The space industry has long been at the forefront of fielding pioneering technology and solving some of the toughest engineering challenges. It is not unusual to see technology spin offs appearing in everyday life, for example novel light-weight and insulating materials, miniaturized electronics and sensors that get embedded in systems we take for granted such as cars and aircraft. Often overlooked is the impact of high-end space engineering on human life. According to NASA, space shuttle technology directly contributed to a miniaturized artificial heart, a balance evaluation system to help treat stroke victims, bioreactors for the development of therapeutic drugs, diagnostic equipment for blood analysis, lighting technology to treat brain tumors and prosthesis material for artificial limbs. What I find most interesting is that not only has the space technology spun out into this diverse set of biomedical applications, but that each of them makes extensive use of physics-based simulation — see for example the case studies at the ANSYS Healthcare site. It seems that not only the technology but the design tools and processes have also spun out. This theme was recently explored in an article in New Space Magazine.
Defense budget reports from the West frequently mention cuts, fiscal constraint and reform. Although this is the reality today, and possibly for several years to come, focusing on headlines can mask some important underlying trends. It is true that a number of major military hardware programs have been canceled or drastically cut back. But we also see a shift in defense spending emphasis, particularly where electronic systems are concerned. Modernization plans are driving the need for more complex systems with a range of embedded electronics — such as digitized cockpits for the U.S. Army’s helicopter fleet, tactical communications networks down to the soldier level, an optionally piloted U.S. Air Force bomber, and the U.S. Navy’s next-generation electronic jammers. However, this increased prevalence of electronics brings an increased reliability risk. So on the one hand, we have an increased emphasis on the rapid development of novel, complex systems relying heavily on embedded electronics; on the other hand, there is increased focus on cost, quality and timeliness. How are best-in-class companies responding to these pressures and why are they likely to thrive in the current economic climate? Find out at EE Times.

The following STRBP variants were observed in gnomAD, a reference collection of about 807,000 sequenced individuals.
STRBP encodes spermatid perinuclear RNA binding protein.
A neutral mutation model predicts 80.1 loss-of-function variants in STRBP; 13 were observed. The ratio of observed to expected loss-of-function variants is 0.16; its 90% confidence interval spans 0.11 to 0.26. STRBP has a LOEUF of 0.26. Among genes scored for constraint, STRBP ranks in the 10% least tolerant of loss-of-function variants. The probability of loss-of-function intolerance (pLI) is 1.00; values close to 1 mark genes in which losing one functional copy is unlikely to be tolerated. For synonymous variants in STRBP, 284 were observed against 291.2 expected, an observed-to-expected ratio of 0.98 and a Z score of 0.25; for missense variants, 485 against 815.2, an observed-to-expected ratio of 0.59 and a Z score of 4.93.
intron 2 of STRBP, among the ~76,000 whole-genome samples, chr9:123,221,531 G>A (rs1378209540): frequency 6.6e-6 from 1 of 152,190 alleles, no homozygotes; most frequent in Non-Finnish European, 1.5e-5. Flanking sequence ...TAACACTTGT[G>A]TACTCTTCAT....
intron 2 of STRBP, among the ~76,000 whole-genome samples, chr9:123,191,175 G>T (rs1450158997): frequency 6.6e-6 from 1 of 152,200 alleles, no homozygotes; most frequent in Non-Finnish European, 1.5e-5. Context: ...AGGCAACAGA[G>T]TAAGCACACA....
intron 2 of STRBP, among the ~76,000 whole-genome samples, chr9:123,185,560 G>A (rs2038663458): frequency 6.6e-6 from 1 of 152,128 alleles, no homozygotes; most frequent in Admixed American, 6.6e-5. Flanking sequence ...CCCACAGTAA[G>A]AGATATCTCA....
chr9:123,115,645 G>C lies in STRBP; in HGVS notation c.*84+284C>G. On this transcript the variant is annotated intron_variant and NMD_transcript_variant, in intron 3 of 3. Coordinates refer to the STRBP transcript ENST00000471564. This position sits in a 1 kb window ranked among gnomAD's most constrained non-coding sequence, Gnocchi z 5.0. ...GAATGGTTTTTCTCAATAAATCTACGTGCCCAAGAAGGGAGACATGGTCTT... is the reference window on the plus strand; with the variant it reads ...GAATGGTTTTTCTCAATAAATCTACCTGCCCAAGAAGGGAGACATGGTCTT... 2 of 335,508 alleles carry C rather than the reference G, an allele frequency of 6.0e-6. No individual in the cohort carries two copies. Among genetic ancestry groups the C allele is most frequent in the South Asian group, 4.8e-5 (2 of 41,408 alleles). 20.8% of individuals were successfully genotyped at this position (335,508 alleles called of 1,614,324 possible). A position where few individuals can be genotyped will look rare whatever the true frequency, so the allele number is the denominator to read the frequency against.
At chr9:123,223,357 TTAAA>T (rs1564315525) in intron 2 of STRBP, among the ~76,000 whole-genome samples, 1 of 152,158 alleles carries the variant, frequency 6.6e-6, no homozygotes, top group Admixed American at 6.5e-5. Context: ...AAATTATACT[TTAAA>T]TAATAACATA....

As technologies in the aerospace and defense industry become ever more reliant on embedded electronics, system-on-chip (SoC) and individual component designers can no longer operate in isolation. More and more, the entire system and its subsystems need to be studied holistically due to tight interdependencies. An unmanned aircraft system is a prime example. The high density of electronic components demands a keen focus on power and thermal management — particularly as the aim of these systems is to remain aloft for days, and sometimes months, at a time. With this move up the systems hierarchy comes an increasing need for modeling and simulation tools that capture individual physics AND couple these effects together in a holistic simulation framework. Only then can we truly begin to move up the systems hierarchy and deliver product performance that industry demands. For more insight, read Ed Sperling’s article in Low Power Engineering about redefining systems around power.